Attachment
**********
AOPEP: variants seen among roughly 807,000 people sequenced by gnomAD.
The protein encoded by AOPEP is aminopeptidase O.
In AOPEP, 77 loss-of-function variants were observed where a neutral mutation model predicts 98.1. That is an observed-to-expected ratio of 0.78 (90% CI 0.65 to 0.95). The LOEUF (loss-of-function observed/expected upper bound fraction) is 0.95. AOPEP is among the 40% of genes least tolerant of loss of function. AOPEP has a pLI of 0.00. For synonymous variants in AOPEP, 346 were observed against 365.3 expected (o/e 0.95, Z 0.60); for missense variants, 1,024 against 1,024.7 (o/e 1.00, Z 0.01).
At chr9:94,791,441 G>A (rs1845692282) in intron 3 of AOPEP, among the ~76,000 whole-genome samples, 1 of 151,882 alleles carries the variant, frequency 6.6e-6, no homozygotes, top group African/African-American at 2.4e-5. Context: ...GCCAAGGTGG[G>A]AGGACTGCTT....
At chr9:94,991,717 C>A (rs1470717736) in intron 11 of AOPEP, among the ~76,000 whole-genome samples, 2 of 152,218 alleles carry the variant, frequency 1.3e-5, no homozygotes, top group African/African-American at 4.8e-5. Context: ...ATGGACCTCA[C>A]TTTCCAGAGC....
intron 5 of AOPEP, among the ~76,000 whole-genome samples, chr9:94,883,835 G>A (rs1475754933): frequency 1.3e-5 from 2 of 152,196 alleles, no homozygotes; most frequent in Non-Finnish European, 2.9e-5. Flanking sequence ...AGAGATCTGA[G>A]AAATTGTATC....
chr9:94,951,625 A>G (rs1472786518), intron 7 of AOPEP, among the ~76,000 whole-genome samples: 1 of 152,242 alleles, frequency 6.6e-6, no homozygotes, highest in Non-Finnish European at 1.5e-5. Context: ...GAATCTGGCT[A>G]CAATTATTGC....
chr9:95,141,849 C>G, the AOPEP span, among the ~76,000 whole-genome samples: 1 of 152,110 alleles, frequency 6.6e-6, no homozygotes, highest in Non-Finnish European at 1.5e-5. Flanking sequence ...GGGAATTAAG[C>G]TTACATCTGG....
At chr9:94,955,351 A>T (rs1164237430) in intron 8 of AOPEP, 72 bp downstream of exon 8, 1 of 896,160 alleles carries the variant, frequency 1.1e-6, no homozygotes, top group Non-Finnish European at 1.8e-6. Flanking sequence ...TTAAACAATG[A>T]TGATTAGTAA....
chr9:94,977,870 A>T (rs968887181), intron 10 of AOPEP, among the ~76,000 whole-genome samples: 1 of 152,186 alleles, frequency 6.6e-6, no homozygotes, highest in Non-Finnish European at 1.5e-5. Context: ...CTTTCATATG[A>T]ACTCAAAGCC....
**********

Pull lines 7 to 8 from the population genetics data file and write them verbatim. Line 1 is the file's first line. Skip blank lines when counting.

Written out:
chr9:94,951,625 A>G (rs1472786518), intron 7 of AOPEP, among the ~76,000 whole-genome samples: 1 of 152,242 alleles, frequency 6.6e-6, no homozygotes, highest in Non-Finnish European at 1.5e-5. Context: ...GAATCTGGCT[A>G]CAATTATTGC....
chr9:95,141,849 C>G, the AOPEP span, among the ~76,000 whole-genome samples: 1 of 152,110 alleles, frequency 6.6e-6, no homozygotes, highest in Non-Finnish European at 1.5e-5. Flanking sequence ...GGGAATTAAG[C>G]TTACATCTGG....